Television’s great presenter believes the critically acclaimed nature series is providing a “form of two-way therapy” in an age when our planet’s health is failing.
More than 12 million viewers have been tuning into the BBC Sunday night spectacular, putting it on course to become the second most-watched TV programme of the year.
Only The Great British Bake Off has been watched by more people.
The never before seen footage of some of Earth’s rarest, scariest and dangerous creatures framed by the latest in television technical innovation has already seen Planet Earth 2 become a classic.
Sir David Attenborough’s peerless commentary has accentuated its charm and authority, yet the doyen of the documentary believes its screening comes at an important time.
He says Planet Earth 2 is “tapping into a similar sentiment” felt across the globe when his iconic Blue Planet was aired in the aftermath of the 9/11 terrorist outrage 15 years ago.
Sir David, 90, told the latest edition of Radio Times magazine: “The viewing figures for Blue Planet were way beyond our expectations.
“Yes, the series was beautifully filmed, but there was something much more significant going on.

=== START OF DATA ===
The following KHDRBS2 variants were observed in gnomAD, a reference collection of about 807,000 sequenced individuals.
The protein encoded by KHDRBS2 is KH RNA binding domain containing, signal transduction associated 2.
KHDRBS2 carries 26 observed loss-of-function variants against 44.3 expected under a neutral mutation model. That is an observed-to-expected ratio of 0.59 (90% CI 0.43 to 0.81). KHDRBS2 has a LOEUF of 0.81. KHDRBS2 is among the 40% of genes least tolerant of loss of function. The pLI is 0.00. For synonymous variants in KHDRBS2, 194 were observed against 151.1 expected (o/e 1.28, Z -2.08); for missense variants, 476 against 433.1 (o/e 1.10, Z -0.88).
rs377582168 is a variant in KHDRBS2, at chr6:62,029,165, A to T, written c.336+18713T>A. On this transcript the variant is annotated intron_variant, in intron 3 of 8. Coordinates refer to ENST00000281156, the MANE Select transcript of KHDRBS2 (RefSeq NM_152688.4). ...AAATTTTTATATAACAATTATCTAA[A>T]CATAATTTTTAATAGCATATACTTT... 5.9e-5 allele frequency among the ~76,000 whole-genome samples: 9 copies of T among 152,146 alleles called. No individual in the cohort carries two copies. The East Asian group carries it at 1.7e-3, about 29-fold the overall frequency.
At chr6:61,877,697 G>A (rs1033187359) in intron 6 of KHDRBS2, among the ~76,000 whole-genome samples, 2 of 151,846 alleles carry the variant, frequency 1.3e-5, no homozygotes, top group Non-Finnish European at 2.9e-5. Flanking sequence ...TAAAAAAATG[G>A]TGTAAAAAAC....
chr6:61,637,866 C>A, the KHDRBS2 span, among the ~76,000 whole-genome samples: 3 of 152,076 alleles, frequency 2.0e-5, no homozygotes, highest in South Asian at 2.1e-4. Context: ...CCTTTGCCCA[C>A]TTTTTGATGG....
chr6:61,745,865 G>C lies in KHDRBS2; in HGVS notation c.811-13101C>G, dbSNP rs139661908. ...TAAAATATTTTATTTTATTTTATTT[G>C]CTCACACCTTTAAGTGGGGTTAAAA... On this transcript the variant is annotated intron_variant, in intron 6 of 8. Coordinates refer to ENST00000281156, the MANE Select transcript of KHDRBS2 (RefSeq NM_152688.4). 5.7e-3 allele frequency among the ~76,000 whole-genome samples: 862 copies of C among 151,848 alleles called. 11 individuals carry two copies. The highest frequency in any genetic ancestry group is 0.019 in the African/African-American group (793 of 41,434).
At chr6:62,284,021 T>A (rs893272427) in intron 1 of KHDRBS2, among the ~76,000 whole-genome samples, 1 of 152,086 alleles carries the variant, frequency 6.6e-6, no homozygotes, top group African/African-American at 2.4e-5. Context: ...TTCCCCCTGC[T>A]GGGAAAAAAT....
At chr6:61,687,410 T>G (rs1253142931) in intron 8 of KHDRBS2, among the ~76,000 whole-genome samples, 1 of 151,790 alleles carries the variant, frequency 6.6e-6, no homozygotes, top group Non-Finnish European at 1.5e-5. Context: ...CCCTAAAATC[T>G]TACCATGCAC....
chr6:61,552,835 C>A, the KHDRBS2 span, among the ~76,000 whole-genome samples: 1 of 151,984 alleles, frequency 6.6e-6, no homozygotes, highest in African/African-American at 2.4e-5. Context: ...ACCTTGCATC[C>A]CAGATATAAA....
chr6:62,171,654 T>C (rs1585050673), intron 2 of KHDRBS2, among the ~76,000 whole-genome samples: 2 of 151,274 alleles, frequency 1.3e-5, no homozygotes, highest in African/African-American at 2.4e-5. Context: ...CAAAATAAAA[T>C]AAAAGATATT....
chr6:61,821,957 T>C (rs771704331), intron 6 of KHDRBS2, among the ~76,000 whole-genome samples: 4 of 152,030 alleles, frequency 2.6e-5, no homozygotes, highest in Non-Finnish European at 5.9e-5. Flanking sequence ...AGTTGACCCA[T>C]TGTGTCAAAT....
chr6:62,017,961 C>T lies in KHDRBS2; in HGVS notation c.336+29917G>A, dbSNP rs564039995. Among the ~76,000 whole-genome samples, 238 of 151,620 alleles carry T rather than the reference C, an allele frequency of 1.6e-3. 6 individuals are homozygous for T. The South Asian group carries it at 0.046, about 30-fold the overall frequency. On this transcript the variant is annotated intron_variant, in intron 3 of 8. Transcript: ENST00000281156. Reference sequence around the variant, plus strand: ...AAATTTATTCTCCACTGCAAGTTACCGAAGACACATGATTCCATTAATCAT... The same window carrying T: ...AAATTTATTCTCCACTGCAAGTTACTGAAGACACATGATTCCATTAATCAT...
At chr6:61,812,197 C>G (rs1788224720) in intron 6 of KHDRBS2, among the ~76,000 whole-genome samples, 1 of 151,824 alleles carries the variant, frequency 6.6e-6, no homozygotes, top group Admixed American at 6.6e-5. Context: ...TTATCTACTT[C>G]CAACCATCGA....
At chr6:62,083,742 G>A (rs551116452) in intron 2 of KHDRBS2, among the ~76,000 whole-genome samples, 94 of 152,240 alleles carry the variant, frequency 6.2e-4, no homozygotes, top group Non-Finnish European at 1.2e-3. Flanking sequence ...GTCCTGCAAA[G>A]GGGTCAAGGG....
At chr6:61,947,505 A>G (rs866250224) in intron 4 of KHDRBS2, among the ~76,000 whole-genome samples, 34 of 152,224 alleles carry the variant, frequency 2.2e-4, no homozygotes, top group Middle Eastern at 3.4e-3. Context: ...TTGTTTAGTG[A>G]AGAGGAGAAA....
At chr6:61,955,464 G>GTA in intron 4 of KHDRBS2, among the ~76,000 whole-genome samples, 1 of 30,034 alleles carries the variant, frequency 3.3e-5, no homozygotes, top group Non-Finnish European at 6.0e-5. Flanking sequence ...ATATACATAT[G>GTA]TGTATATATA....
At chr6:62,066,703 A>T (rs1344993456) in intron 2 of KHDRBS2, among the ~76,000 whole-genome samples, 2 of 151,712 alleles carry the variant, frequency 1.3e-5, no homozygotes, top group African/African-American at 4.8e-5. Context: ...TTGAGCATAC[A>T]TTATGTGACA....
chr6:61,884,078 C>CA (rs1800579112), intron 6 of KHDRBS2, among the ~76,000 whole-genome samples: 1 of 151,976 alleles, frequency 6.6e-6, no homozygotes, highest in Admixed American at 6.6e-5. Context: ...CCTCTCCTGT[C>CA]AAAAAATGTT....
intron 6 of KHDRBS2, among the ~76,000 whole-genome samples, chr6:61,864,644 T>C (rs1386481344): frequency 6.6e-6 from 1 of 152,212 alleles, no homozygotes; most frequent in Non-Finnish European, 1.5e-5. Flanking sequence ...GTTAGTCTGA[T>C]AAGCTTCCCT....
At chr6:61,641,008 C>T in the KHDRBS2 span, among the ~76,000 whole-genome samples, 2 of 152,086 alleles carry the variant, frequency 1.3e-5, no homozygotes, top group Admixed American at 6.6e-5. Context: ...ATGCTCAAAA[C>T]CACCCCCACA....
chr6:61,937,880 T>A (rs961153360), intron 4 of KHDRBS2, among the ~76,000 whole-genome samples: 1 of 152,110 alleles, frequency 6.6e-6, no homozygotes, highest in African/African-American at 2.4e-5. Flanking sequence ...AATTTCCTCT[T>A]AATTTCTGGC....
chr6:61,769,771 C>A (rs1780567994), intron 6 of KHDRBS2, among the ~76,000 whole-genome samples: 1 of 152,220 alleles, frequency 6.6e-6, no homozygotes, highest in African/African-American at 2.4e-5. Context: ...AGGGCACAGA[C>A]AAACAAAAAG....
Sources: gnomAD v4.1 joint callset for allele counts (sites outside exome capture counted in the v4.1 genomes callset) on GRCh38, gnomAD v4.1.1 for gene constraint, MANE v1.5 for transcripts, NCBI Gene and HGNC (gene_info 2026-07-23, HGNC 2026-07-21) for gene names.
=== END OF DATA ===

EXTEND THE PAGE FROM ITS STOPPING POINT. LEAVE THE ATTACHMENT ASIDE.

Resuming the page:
“As a nation we craved refuge from the horror and uncertainty, and for an hour on Wednesday evenings our oceans provided that sanctuary.”
Now the environmental threats that stalk the planet are creating a new period of fear and uncertainty.
Sir David said: “Of course, there is no single appalling catalyst as there was in 2001, but our concerns for the world, the confusion we have about its direction of travel, are every bit as great.
“The planet has rarely felt in greater environmental peril.”
By realising that their own wellbeing is connected to that of Earth, Sir David says viewers are “reconnecting with a planet whose beauty is blemished, whose health is failing” and adds: “It”s a form of two-way therapy.”
A new trailer for the show is highlighting even more superlative up close and personal views of nature in all its glory.
The 90-second clip highlights some of the not yet seen footage for the six-part series’ last two episodes that look at Grasslands and Cities.
Among the creatures making cameo roles are the lions of the Okavango Delta, cute harvest mice and Arctic caribou as well as the fastest creature on the planet, the 212mph diving peregrine falcon.
Sir David says some of the other key reasons for the shows success are the way filming technology has allowed much closer views of nature and also how the programme is aired at 8pm Sunday.
He said: “I”m told that we are attracting a larger than normal number of younger viewers and apparently the music of Hans Zimmer in particular is striking a chord with the young. And that pleases me enormously.”